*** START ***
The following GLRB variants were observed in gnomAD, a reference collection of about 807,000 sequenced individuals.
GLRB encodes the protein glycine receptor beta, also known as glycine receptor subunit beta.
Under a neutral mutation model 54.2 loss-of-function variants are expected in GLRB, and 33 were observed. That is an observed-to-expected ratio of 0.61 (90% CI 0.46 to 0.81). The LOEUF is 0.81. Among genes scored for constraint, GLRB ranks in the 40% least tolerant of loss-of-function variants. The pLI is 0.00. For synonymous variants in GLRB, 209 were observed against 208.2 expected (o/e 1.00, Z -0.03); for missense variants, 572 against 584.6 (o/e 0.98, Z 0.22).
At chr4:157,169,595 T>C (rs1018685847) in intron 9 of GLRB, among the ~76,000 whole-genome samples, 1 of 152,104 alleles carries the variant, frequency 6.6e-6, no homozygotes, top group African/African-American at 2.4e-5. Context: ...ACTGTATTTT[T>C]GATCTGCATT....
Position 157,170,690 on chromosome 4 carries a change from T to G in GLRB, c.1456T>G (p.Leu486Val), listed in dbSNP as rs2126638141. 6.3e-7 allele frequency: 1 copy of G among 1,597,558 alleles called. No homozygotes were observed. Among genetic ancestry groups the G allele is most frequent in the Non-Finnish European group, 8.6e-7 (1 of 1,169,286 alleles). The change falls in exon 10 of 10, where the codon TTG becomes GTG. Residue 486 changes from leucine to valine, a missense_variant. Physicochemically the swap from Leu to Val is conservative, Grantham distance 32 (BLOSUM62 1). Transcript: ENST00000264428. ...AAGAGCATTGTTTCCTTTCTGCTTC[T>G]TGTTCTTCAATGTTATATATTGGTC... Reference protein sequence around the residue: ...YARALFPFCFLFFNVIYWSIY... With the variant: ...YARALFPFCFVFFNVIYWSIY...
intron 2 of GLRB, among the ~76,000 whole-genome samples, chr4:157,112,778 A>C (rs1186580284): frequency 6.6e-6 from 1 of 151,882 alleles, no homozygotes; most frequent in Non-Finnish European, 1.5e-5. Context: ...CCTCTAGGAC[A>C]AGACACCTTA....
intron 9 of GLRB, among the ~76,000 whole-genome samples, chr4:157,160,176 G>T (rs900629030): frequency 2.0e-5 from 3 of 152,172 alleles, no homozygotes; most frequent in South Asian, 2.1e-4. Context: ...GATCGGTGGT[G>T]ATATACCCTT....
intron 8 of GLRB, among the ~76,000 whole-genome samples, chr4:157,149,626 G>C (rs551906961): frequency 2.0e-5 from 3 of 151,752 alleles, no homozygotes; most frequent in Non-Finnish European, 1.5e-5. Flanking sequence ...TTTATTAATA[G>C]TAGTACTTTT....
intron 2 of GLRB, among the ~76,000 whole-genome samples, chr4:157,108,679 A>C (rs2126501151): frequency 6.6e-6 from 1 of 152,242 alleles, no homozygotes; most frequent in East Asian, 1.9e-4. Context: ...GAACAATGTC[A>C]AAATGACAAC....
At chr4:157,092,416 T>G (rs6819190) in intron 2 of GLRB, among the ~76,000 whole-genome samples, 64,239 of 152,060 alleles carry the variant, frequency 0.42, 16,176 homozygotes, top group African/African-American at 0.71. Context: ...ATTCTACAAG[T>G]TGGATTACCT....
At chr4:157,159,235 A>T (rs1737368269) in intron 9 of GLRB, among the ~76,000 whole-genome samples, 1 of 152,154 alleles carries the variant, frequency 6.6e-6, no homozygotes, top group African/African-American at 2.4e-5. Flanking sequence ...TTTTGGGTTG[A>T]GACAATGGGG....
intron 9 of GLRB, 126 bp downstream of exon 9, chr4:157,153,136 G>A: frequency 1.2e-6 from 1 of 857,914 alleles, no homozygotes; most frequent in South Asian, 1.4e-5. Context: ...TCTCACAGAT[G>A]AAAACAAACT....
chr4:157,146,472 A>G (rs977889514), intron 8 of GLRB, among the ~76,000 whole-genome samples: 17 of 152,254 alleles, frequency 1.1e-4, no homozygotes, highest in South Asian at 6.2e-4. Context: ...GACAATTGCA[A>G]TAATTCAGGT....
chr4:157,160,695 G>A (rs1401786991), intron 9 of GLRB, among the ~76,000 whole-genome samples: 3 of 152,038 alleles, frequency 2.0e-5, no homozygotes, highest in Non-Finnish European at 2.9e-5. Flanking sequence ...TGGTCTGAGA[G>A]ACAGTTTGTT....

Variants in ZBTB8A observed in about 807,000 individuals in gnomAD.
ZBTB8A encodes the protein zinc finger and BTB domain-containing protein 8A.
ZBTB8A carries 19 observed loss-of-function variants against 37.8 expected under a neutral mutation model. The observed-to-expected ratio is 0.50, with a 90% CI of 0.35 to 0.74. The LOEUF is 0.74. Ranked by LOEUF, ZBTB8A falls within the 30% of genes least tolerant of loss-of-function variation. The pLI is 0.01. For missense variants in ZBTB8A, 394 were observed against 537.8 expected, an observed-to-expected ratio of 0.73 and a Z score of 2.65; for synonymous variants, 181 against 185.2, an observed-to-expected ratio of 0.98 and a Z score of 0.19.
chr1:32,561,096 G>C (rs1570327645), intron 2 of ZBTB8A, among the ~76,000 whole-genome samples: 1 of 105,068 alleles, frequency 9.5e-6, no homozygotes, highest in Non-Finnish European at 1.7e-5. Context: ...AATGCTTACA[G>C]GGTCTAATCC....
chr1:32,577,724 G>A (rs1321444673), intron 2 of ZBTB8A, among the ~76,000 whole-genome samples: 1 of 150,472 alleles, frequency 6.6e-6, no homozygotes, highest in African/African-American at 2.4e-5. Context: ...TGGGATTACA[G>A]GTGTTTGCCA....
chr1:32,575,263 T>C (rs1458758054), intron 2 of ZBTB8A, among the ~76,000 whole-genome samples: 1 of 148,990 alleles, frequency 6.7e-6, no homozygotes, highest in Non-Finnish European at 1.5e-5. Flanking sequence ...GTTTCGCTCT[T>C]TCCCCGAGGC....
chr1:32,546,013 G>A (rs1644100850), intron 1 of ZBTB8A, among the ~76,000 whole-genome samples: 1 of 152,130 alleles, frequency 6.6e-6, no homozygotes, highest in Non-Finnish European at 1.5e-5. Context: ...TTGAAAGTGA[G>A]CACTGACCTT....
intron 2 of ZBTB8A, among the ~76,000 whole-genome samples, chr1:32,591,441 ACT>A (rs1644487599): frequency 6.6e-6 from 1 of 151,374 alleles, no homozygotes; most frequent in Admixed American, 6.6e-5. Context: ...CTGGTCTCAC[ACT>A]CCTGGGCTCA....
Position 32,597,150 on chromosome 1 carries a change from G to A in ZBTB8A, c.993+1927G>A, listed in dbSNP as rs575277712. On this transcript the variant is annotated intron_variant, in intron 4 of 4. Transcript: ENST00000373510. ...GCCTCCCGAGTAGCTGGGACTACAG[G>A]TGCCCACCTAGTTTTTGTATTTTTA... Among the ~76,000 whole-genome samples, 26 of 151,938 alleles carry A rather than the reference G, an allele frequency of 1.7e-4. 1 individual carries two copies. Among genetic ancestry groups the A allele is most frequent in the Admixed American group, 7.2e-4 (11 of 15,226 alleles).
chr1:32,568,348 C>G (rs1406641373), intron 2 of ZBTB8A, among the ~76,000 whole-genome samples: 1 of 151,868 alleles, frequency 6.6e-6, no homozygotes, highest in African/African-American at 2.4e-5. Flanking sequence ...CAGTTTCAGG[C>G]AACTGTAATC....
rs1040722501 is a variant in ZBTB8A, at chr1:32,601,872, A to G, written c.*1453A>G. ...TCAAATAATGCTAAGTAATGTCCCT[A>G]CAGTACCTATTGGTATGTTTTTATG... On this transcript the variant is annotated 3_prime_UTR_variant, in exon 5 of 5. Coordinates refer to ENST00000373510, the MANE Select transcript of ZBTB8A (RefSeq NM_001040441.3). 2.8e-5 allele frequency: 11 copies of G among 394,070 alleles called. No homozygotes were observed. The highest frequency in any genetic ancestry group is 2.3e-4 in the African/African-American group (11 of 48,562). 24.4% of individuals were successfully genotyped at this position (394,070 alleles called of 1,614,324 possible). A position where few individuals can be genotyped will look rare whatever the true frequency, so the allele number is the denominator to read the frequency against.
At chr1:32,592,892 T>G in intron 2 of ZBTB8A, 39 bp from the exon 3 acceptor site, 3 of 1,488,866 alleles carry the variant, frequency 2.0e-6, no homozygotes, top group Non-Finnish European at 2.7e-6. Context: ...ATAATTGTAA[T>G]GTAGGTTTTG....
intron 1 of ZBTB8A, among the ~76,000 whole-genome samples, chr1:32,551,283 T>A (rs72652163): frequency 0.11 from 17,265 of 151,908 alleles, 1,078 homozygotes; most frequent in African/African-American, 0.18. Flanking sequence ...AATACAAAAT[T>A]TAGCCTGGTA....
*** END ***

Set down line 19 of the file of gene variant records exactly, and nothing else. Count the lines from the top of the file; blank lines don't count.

chr1:32,577,724 G>A (rs1321444673), intron 2 of ZBTB8A, among the ~76,000 whole-genome samples: 1 of 150,472 alleles, frequency 6.6e-6, no homozygotes, highest in African/African-American at 2.4e-5. Context: ...TGGGATTACA[G>A]GTGTTTGCCA....